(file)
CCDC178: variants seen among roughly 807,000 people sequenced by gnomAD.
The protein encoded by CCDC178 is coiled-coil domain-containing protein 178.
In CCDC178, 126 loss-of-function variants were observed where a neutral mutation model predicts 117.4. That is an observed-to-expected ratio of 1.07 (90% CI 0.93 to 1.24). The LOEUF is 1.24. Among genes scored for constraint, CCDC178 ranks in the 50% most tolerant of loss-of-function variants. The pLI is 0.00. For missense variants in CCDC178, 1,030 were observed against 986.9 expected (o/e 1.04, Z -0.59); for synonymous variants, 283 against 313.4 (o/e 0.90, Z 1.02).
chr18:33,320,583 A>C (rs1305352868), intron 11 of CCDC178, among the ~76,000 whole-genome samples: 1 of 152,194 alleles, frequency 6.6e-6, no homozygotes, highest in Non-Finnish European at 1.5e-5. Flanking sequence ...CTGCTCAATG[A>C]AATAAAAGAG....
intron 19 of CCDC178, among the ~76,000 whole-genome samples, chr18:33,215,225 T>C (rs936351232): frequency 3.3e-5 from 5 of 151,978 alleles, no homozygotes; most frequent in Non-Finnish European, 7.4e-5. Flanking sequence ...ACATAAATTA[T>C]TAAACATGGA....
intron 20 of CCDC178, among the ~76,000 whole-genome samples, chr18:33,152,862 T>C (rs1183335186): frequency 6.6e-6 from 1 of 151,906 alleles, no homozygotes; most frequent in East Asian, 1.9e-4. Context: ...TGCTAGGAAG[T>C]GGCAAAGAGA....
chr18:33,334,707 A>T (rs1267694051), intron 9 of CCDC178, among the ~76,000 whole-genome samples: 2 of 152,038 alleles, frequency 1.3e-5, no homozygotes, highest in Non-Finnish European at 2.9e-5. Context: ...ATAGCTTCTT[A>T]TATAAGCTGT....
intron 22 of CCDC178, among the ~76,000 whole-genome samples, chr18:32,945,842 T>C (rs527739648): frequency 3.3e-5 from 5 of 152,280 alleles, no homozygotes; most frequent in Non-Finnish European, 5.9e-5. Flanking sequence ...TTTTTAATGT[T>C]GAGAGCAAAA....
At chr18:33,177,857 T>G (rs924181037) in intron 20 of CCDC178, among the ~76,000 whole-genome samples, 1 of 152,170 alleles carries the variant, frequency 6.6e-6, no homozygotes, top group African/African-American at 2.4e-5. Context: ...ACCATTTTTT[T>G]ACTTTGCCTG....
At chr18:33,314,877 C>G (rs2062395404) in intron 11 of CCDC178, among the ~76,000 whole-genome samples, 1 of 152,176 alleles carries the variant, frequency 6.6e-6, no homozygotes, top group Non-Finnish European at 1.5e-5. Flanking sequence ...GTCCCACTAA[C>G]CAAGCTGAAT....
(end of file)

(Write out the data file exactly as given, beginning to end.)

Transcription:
CCDC178: variants seen among roughly 807,000 people sequenced by gnomAD.
The protein encoded by CCDC178 is coiled-coil domain-containing protein 178.
In CCDC178, 126 loss-of-function variants were observed where a neutral mutation model predicts 117.4. That is an observed-to-expected ratio of 1.07 (90% CI 0.93 to 1.24). The LOEUF is 1.24. Among genes scored for constraint, CCDC178 ranks in the 50% most tolerant of loss-of-function variants. The pLI is 0.00. For missense variants in CCDC178, 1,030 were observed against 986.9 expected (o/e 1.04, Z -0.59); for synonymous variants, 283 against 313.4 (o/e 0.90, Z 1.02).
chr18:33,320,583 A>C (rs1305352868), intron 11 of CCDC178, among the ~76,000 whole-genome samples: 1 of 152,194 alleles, frequency 6.6e-6, no homozygotes, highest in Non-Finnish European at 1.5e-5. Flanking sequence ...CTGCTCAATG[A>C]AATAAAAGAG....
intron 19 of CCDC178, among the ~76,000 whole-genome samples, chr18:33,215,225 T>C (rs936351232): frequency 3.3e-5 from 5 of 151,978 alleles, no homozygotes; most frequent in Non-Finnish European, 7.4e-5. Flanking sequence ...ACATAAATTA[T>C]TAAACATGGA....
intron 20 of CCDC178, among the ~76,000 whole-genome samples, chr18:33,152,862 T>C (rs1183335186): frequency 6.6e-6 from 1 of 151,906 alleles, no homozygotes; most frequent in East Asian, 1.9e-4. Context: ...TGCTAGGAAG[T>C]GGCAAAGAGA....
chr18:33,334,707 A>T (rs1267694051), intron 9 of CCDC178, among the ~76,000 whole-genome samples: 2 of 152,038 alleles, frequency 1.3e-5, no homozygotes, highest in Non-Finnish European at 2.9e-5. Context: ...ATAGCTTCTT[A>T]TATAAGCTGT....
intron 22 of CCDC178, among the ~76,000 whole-genome samples, chr18:32,945,842 T>C (rs527739648): frequency 3.3e-5 from 5 of 152,280 alleles, no homozygotes; most frequent in Non-Finnish European, 5.9e-5. Flanking sequence ...TTTTTAATGT[T>C]GAGAGCAAAA....
At chr18:33,177,857 T>G (rs924181037) in intron 20 of CCDC178, among the ~76,000 whole-genome samples, 1 of 152,170 alleles carries the variant, frequency 6.6e-6, no homozygotes, top group African/African-American at 2.4e-5. Context: ...ACCATTTTTT[T>G]ACTTTGCCTG....
At chr18:33,314,877 C>G (rs2062395404) in intron 11 of CCDC178, among the ~76,000 whole-genome samples, 1 of 152,176 alleles carries the variant, frequency 6.6e-6, no homozygotes, top group Non-Finnish European at 1.5e-5. Flanking sequence ...GTCCCACTAA[C>G]CAAGCTGAAT....